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Will I get a job with a PhD in Folklore?

Graduates of our doctoral program teach in a variety of disciplines – Anthropology, English, Folklore, Human Kinetics – as well as in multidisciplinary programs – Creative Technologies, Communication Studies, Film Studies and Humanities. Other graduates have careers in cultural and educational administration.

"I had tremendous experiences doing my PhD in the Department of Folklore. The training I received prepared me to become a professor, not only in a research capacity but as an educator. It was only after finishing my PhD and entering into academia as a professor that I fully appreciated the engaging learning environment the Department provided. The level of commitment the professors demonstrated has been unparalleled in my past experiences in university settings, and it is now something I aspire to achieve with my own graduate students. As current Director of Graduate Studies in School of Human Kinetics at the University of Ottawa, I borrow from past experiences as a graduate student at MUN to help create a positive and mutually rewarding program."

Michael Robidoux
Associate Professor & Director of Graduate Studies
School of Human Kinetics
University of Ottawa



















"Having graduate degrees in Folklore opened many doors for me, both in the museum world and in the world of research administration. I feel I have two parallel careers, one as a freelance museum curator, and the other as a research administrator, first at the Social Sciences and Humanities Research Council of Canada and now at the Research Office at Ryerson University. A graduate degree is a sign of commitment to academia and to excellence in research, and that commitment is recognised by employers. Faculty in the Folklore Department at Memorial pushed me to always do my best, and the discipline itself is so exceptional, in its exploration of the importance of the everyday, that I would not want to change anything in my education path."

Jane Burns
Grants/Contracts Officer (CRC, Social Sciences and Humanities,CIHR)
Office of Research Services
Ryerson University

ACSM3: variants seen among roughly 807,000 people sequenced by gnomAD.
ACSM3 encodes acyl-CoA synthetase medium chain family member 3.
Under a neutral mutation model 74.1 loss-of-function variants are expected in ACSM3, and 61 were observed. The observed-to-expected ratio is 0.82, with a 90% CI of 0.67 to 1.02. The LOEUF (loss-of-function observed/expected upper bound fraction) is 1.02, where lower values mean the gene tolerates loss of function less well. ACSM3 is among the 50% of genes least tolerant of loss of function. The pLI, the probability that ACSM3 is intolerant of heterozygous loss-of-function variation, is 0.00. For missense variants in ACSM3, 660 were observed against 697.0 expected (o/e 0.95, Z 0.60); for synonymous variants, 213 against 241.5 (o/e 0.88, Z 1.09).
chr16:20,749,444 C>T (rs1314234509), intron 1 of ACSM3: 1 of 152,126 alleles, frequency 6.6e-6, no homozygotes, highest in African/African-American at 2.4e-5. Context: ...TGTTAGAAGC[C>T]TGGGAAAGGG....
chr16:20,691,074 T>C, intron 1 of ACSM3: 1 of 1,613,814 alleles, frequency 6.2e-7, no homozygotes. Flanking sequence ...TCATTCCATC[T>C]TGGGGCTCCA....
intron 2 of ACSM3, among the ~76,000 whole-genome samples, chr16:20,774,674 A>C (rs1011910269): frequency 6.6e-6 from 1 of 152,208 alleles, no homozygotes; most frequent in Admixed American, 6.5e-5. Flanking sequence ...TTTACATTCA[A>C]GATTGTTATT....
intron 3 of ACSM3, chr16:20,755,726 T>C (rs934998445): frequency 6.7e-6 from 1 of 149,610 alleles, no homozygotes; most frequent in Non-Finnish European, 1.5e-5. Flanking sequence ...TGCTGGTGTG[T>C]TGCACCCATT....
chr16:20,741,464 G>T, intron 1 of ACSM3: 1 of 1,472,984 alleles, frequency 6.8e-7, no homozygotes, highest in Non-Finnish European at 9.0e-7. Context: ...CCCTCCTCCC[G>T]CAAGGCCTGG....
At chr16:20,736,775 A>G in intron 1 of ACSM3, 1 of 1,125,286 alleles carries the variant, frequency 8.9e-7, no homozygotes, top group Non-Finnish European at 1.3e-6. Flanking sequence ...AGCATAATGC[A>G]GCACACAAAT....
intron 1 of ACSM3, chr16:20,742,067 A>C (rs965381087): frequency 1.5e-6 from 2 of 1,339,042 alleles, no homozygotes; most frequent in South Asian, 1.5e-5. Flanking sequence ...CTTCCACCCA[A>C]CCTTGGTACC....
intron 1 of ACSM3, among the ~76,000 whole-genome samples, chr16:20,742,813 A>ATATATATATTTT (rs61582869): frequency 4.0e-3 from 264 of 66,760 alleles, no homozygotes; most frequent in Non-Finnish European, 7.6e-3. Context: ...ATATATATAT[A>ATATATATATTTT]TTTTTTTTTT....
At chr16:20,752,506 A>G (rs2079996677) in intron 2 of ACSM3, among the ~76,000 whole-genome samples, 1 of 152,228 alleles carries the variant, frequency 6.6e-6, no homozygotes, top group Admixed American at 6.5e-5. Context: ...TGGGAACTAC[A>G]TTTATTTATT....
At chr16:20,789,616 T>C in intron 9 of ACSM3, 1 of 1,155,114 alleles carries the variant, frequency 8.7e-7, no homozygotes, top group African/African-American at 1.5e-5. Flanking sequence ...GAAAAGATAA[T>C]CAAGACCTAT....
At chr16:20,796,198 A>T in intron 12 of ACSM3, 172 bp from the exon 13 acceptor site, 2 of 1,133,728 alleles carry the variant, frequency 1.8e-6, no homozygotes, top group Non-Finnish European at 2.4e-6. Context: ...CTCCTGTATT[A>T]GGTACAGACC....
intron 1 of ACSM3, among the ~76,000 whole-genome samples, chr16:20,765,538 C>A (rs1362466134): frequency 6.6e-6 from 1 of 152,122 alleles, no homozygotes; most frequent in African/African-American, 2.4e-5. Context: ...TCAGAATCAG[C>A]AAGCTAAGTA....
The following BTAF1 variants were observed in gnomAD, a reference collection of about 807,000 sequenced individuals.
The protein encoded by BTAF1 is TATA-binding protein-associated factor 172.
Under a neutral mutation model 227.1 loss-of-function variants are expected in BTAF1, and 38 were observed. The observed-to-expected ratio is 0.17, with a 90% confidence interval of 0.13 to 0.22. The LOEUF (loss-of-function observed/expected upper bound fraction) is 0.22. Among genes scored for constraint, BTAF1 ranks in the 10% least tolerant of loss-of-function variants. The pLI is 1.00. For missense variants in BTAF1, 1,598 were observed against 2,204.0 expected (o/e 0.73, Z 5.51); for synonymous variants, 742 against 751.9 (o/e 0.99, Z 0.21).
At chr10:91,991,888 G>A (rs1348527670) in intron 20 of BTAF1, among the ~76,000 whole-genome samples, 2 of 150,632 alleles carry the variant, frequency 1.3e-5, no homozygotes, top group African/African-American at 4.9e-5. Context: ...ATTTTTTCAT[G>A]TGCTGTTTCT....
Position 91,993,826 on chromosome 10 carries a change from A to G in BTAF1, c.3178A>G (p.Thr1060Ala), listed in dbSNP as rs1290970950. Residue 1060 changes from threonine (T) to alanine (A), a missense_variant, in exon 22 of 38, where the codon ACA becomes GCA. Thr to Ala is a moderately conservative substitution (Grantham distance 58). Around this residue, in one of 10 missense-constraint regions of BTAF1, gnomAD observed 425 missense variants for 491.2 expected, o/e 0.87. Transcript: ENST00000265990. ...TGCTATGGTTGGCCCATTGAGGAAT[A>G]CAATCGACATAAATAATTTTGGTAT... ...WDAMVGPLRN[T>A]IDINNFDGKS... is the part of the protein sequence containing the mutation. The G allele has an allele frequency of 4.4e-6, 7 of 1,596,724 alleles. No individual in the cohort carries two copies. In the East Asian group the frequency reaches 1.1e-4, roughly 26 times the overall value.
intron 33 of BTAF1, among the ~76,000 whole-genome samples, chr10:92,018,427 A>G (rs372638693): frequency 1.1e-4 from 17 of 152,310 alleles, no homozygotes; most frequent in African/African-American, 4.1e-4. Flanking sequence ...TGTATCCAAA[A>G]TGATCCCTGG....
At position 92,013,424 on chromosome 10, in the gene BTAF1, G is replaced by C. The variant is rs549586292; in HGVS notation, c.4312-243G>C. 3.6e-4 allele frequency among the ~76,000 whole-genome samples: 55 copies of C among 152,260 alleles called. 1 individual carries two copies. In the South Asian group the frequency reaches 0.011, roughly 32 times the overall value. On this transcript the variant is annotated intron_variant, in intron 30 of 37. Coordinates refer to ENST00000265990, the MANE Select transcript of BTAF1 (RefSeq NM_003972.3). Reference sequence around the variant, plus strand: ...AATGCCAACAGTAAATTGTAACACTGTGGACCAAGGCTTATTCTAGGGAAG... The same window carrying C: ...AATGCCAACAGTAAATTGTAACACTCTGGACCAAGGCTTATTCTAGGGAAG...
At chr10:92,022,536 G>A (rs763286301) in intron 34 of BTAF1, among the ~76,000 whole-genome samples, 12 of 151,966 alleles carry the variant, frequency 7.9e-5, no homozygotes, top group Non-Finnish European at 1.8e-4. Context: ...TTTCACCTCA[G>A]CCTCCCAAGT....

"Until I came to the Folklore Department at Memorial, I did not know that one could study the intimate traditions of everyday life. The Department opened my eyes to this rarely-acknowledged world, and launched my career as a folklorist. I went on to explore areas of traditional culture across Canada, but the point of reference for all of my work was the strong grounding that I received at Memorial's Folklore Department."

Michael Taft
Head of the Archive of Folk Culture
American Folklife Center
The Library of Congress















"The training I received as a graduate student in the Department of Folklore is nothing less than the cornerstone of my career. It provided a solid grounding in the intellectual history of the field of folklore, excellent models for research and writing, and exposure to a wide range of human creativity expressed through traditional forms. As well, my time as a graduate student provided exciting and challenging opportunities to conduct field research on Newfoundland’s maritime culture. In the process, I forged strong relationships with Newfoundlanders (many of which have continued to the present), and developed a deep commitment to cultural conservation and inter-cultural understanding that figures in my work every day."

David A. Taylor
Head of Research & Programs
American Folklife Center
The Library of Congress
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